About an hour later the owner came down and I had a nice chat. The bunk includes cold cereal and toast and jam in the morning. The owner makes the jams herself. They also have a lot of frozen sandwiches and pizzas that you can cook for a reasonable fee. I had a chicken sandwich and put some of the bread and butter pickles that the owner made on the sandwich to make it taste like a Chick-fil-A. The pickles were amazing. That made me want to try the jellies too so I cooked up two pieces of toast and tried blueberry and strawberry jam and they were both outstanding. I can’t wait to try apple butter and peach in the morning. The only weird thing about this hostel is that they have an outhouse instead of a bathroom. Beggars can’t be choosers as everything else about this place is top-notch.

I’ve been charging all of my electronics and checking the weather forecast for various cities between now and my destination three or four days from now. Well, the forecast shows continuous chance of rain above 80% for the next 3 days. By looking at the radar it looks like it will be on and off rain and not 100% continuous. I guess I will find out tomorrow.

Day 33 mile 535.4 Special delivery

All I’ve had on my mind all day is getting to the visitor center and being able to order delivery from Marion right on the trail. I made it there on time, I was able to get my delivery, but again my eyes were too big for my stomach. Never order food or go grocery shopping while you’re hungry.

The morning started well enough. I woke up at 6:00 and started hiking shortly after 6:30. But my campsite was so far from the trail and I spent so much time looking for the perfect spot last night that I wasn’t able to return to the trail the way I got there. I checked the GPS and I was heading out of the campsite in a slightly different direction but still towards the trail. I’m so accustomed to just going downhill out of the campsite to get to the trail, but this campsite had two different down hills.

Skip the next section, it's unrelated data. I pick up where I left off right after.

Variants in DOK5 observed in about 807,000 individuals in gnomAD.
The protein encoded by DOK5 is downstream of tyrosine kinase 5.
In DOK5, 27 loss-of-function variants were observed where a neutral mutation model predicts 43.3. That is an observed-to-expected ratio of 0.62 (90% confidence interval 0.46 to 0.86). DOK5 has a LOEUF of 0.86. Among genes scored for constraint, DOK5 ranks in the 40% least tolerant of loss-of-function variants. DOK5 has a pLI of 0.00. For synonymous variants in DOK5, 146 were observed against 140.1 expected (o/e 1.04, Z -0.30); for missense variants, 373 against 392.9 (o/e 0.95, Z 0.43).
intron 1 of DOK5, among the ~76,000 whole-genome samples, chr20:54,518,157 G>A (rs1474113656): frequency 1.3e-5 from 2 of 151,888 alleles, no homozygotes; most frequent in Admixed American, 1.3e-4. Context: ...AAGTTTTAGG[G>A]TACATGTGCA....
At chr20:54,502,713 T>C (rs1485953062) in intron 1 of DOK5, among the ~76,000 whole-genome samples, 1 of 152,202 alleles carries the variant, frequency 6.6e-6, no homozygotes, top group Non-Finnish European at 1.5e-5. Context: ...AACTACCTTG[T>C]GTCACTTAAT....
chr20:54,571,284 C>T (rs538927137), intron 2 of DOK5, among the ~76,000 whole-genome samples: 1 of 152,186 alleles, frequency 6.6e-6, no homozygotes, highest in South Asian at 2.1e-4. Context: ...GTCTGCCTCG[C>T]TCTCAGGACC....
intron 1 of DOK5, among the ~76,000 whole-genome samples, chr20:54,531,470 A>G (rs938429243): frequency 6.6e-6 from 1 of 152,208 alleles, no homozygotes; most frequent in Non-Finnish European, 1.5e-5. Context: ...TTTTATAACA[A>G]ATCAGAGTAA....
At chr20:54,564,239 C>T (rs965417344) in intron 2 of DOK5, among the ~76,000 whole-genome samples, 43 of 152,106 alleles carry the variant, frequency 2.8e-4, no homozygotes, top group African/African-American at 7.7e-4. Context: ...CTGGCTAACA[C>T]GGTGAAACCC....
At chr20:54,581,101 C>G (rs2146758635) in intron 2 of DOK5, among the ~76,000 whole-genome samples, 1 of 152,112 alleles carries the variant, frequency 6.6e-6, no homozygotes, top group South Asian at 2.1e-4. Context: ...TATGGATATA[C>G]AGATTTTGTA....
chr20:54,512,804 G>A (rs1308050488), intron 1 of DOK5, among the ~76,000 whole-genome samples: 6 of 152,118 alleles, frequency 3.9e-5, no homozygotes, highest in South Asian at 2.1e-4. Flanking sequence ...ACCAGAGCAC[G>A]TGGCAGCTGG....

I only had to go about 150 yards to get back to the trail but after about 60 or 70 yards it turned to thick rhododendron, so thick you can’t walk through it and this was close to being unwalkable. It took me over 20 minutes just to go 150 yards in the pitch black dark fearing that I would drop my light and have a difficult time retrieving it. If I had been able to make it out back to the trail the same way I got in then I would have arrived at the same spot in about 5 minutes. Oh well, I need to pay better attention when I wander so far from the trail.

There were not a lot of tall climbs but there was a lot of up and down. The trail was not steep but it was very rocky and many sections and was hard to maneuver. I made good time most of the day and after lunch I figured that I should be hitting the visitor center before 6:00. That would be perfect because there is a shelter right here the visitor center.

Some of the trail leveled out even more and I was able to make better time after lunch. I ended up getting to the shelter right at 5:00 and immediately started looking for the flyers of the restaurants in town that would deliver. I only found one but it looked like a good one so I scribbled down what I wanted and then headed to the visitor center to see if their vending machines were open. To my horror the visitor center was closed permanently due to COVID and had no vending machines.

Cell signal was horrible and I had to go across the street and up a hill a little bit just to be able to call the restaurant. I ordered 20 wings, a cheese steak sub, and a Caesar salad. The guy taking the order also talked me into fries. They didn’t have any bottle drinks so I didn’t bother to get any but I had been looking forward to toting out a Coke for tomorrow.